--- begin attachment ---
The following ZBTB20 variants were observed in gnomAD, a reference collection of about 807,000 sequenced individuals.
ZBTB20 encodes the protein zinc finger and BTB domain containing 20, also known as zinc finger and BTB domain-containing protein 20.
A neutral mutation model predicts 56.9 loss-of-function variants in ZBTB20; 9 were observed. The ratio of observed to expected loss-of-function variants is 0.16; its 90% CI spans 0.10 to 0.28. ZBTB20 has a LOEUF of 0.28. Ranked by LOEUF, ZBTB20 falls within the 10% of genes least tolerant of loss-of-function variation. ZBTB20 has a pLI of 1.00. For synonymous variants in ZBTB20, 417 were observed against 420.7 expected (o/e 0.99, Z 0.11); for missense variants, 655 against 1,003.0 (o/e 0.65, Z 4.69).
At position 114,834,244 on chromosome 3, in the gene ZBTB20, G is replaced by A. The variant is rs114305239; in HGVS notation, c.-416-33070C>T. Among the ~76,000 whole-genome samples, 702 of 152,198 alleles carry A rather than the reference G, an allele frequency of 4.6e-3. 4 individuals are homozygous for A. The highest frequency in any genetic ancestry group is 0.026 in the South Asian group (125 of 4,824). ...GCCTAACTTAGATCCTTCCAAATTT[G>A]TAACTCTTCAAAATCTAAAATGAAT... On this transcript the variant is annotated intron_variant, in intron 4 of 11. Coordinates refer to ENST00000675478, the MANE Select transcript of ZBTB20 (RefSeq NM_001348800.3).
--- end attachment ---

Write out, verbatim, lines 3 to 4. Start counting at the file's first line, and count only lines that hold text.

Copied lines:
A neutral mutation model predicts 56.9 loss-of-function variants in ZBTB20; 9 were observed. The ratio of observed to expected loss-of-function variants is 0.16; its 90% CI spans 0.10 to 0.28. ZBTB20 has a LOEUF of 0.28. Ranked by LOEUF, ZBTB20 falls within the 10% of genes least tolerant of loss-of-function variation. ZBTB20 has a pLI of 1.00. For synonymous variants in ZBTB20, 417 were observed against 420.7 expected (o/e 0.99, Z 0.11); for missense variants, 655 against 1,003.0 (o/e 0.65, Z 4.69).
At position 114,834,244 on chromosome 3, in the gene ZBTB20, G is replaced by A. The variant is rs114305239; in HGVS notation, c.-416-33070C>T. Among the ~76,000 whole-genome samples, 702 of 152,198 alleles carry A rather than the reference G, an allele frequency of 4.6e-3. 4 individuals are homozygous for A. The highest frequency in any genetic ancestry group is 0.026 in the South Asian group (125 of 4,824). ...GCCTAACTTAGATCCTTCCAAATTT[G>A]TAACTCTTCAAAATCTAAAATGAAT... On this transcript the variant is annotated intron_variant, in intron 4 of 11. Coordinates refer to ENST00000675478, the MANE Select transcript of ZBTB20 (RefSeq NM_001348800.3).